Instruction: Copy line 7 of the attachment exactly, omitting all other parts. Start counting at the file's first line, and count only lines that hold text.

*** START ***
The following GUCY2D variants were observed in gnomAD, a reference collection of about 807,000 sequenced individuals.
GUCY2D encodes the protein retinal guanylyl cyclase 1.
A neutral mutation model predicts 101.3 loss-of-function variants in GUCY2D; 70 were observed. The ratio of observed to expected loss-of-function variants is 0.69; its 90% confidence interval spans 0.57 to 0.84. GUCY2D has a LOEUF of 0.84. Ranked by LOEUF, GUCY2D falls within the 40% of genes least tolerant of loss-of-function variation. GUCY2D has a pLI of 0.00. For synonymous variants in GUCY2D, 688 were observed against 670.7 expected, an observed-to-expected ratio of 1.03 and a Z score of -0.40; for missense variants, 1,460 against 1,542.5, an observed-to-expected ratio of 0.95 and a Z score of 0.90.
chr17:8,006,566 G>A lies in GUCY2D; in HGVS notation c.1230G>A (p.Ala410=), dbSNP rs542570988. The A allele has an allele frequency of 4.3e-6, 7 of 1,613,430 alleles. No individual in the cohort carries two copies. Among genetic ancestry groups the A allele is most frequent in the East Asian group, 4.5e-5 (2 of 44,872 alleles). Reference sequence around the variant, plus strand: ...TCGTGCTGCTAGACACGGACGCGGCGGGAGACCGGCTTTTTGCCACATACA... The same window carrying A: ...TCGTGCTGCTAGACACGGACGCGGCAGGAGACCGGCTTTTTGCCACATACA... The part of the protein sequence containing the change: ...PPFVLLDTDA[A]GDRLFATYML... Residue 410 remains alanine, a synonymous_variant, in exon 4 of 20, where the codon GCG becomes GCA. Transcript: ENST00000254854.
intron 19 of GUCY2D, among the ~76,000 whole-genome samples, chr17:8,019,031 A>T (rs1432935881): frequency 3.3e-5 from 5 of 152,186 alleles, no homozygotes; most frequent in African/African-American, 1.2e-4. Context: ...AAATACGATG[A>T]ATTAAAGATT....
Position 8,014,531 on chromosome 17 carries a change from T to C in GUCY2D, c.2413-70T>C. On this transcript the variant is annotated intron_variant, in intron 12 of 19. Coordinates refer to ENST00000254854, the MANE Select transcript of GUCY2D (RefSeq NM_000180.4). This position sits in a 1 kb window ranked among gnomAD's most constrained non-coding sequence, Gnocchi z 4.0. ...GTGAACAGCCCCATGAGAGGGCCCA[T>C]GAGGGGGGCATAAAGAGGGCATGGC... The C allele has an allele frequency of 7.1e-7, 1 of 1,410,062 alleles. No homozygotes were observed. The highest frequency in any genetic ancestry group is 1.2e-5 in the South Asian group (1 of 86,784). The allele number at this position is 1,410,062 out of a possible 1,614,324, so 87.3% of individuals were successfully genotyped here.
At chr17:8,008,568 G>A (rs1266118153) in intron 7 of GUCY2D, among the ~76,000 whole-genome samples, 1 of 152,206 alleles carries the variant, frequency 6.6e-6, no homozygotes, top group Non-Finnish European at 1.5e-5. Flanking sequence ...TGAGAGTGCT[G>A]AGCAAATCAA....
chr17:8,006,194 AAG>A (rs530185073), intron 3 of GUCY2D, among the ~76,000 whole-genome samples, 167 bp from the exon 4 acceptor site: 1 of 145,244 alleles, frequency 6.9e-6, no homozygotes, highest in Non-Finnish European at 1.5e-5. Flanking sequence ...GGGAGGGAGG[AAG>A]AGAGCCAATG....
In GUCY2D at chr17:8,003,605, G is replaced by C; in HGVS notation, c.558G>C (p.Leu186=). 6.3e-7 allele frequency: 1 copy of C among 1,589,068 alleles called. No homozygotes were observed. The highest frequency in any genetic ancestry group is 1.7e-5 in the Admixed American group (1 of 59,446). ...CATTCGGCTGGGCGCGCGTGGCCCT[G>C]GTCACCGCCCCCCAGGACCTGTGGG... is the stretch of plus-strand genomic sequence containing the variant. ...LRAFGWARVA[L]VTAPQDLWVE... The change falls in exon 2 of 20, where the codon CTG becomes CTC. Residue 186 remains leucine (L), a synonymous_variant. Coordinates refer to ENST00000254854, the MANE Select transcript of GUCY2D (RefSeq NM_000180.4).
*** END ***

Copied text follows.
At chr17:8,008,568 G>A (rs1266118153) in intron 7 of GUCY2D, among the ~76,000 whole-genome samples, 1 of 152,206 alleles carries the variant, frequency 6.6e-6, no homozygotes, top group Non-Finnish European at 1.5e-5. Flanking sequence ...TGAGAGTGCT[G>A]AGCAAATCAA....